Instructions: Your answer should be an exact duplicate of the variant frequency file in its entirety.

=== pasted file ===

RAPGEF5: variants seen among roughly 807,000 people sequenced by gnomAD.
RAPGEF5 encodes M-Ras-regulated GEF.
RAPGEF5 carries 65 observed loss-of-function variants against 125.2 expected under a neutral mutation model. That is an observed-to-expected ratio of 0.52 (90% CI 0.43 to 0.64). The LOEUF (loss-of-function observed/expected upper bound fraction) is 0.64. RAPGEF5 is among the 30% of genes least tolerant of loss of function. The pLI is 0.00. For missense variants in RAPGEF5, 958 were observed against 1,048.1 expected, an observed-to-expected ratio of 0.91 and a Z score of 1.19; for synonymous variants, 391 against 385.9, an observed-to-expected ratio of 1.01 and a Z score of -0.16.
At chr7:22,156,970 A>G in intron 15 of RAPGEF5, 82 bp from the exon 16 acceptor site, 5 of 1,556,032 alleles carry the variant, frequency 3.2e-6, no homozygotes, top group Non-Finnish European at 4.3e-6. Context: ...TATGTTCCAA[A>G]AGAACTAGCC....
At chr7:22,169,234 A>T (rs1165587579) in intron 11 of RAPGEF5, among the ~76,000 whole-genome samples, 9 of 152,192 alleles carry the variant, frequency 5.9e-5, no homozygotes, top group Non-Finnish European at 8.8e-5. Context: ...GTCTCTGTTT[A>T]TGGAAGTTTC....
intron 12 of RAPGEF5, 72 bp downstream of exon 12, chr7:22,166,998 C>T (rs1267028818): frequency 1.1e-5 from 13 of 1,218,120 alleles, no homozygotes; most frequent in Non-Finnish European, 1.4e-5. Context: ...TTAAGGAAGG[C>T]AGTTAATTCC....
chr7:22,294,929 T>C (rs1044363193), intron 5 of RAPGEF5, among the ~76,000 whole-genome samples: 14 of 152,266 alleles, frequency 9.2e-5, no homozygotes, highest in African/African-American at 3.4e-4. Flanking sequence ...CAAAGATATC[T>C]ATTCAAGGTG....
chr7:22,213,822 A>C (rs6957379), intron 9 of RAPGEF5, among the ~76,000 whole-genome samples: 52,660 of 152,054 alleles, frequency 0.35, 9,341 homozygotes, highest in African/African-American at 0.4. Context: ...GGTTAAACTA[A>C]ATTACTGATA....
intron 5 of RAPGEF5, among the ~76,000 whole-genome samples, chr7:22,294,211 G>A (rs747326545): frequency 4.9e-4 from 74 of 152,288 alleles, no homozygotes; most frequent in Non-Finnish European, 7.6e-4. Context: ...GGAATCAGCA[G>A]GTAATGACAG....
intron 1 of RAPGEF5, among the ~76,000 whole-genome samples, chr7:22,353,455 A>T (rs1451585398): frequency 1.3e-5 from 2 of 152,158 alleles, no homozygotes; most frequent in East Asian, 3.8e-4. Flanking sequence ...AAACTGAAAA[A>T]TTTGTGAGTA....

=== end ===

RAPGEF5: variants seen among roughly 807,000 people sequenced by gnomAD.
RAPGEF5 encodes M-Ras-regulated GEF.
RAPGEF5 carries 65 observed loss-of-function variants against 125.2 expected under a neutral mutation model. That is an observed-to-expected ratio of 0.52 (90% CI 0.43 to 0.64). The LOEUF (loss-of-function observed/expected upper bound fraction) is 0.64. RAPGEF5 is among the 30% of genes least tolerant of loss of function. The pLI is 0.00. For missense variants in RAPGEF5, 958 were observed against 1,048.1 expected, an observed-to-expected ratio of 0.91 and a Z score of 1.19; for synonymous variants, 391 against 385.9, an observed-to-expected ratio of 1.01 and a Z score of -0.16.
At chr7:22,156,970 A>G in intron 15 of RAPGEF5, 82 bp from the exon 16 acceptor site, 5 of 1,556,032 alleles carry the variant, frequency 3.2e-6, no homozygotes, top group Non-Finnish European at 4.3e-6. Context: ...TATGTTCCAA[A>G]AGAACTAGCC....
At chr7:22,169,234 A>T (rs1165587579) in intron 11 of RAPGEF5, among the ~76,000 whole-genome samples, 9 of 152,192 alleles carry the variant, frequency 5.9e-5, no homozygotes, top group Non-Finnish European at 8.8e-5. Context: ...GTCTCTGTTT[A>T]TGGAAGTTTC....
intron 12 of RAPGEF5, 72 bp downstream of exon 12, chr7:22,166,998 C>T (rs1267028818): frequency 1.1e-5 from 13 of 1,218,120 alleles, no homozygotes; most frequent in Non-Finnish European, 1.4e-5. Context: ...TTAAGGAAGG[C>T]AGTTAATTCC....
chr7:22,294,929 T>C (rs1044363193), intron 5 of RAPGEF5, among the ~76,000 whole-genome samples: 14 of 152,266 alleles, frequency 9.2e-5, no homozygotes, highest in African/African-American at 3.4e-4. Flanking sequence ...CAAAGATATC[T>C]ATTCAAGGTG....
chr7:22,213,822 A>C (rs6957379), intron 9 of RAPGEF5, among the ~76,000 whole-genome samples: 52,660 of 152,054 alleles, frequency 0.35, 9,341 homozygotes, highest in African/African-American at 0.4. Context: ...GGTTAAACTA[A>C]ATTACTGATA....
intron 5 of RAPGEF5, among the ~76,000 whole-genome samples, chr7:22,294,211 G>A (rs747326545): frequency 4.9e-4 from 74 of 152,288 alleles, no homozygotes; most frequent in Non-Finnish European, 7.6e-4. Context: ...GGAATCAGCA[G>A]GTAATGACAG....
intron 1 of RAPGEF5, among the ~76,000 whole-genome samples, chr7:22,353,455 A>T (rs1451585398): frequency 1.3e-5 from 2 of 152,158 alleles, no homozygotes; most frequent in East Asian, 3.8e-4. Flanking sequence ...AAACTGAAAA[A>T]TTTGTGAGTA....